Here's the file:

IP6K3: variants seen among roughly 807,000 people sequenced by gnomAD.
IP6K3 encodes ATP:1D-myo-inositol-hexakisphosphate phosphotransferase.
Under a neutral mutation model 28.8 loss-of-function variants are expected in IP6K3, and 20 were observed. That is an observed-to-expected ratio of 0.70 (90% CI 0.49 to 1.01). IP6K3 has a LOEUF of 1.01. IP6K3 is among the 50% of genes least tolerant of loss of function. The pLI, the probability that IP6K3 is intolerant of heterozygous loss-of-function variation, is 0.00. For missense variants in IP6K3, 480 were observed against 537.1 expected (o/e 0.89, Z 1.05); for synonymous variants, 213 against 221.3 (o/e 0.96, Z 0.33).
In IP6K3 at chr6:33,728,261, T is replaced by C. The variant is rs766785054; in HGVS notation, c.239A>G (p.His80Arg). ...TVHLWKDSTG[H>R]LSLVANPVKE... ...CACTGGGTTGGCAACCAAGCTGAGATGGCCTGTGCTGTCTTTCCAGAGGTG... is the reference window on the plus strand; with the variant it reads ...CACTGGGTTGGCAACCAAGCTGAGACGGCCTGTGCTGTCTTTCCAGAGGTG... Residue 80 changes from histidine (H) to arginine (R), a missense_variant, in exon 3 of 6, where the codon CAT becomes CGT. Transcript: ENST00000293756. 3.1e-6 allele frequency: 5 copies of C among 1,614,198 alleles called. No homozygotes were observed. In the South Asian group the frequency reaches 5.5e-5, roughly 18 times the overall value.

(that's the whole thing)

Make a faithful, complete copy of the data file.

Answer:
IP6K3: variants seen among roughly 807,000 people sequenced by gnomAD.
IP6K3 encodes ATP:1D-myo-inositol-hexakisphosphate phosphotransferase.
Under a neutral mutation model 28.8 loss-of-function variants are expected in IP6K3, and 20 were observed. That is an observed-to-expected ratio of 0.70 (90% CI 0.49 to 1.01). IP6K3 has a LOEUF of 1.01. IP6K3 is among the 50% of genes least tolerant of loss of function. The pLI, the probability that IP6K3 is intolerant of heterozygous loss-of-function variation, is 0.00. For missense variants in IP6K3, 480 were observed against 537.1 expected (o/e 0.89, Z 1.05); for synonymous variants, 213 against 221.3 (o/e 0.96, Z 0.33).
In IP6K3 at chr6:33,728,261, T is replaced by C. The variant is rs766785054; in HGVS notation, c.239A>G (p.His80Arg). ...TVHLWKDSTG[H>R]LSLVANPVKE... ...CACTGGGTTGGCAACCAAGCTGAGATGGCCTGTGCTGTCTTTCCAGAGGTG... is the reference window on the plus strand; with the variant it reads ...CACTGGGTTGGCAACCAAGCTGAGACGGCCTGTGCTGTCTTTCCAGAGGTG... Residue 80 changes from histidine (H) to arginine (R), a missense_variant, in exon 3 of 6, where the codon CAT becomes CGT. Transcript: ENST00000293756. 3.1e-6 allele frequency: 5 copies of C among 1,614,198 alleles called. No homozygotes were observed. In the South Asian group the frequency reaches 5.5e-5, roughly 18 times the overall value.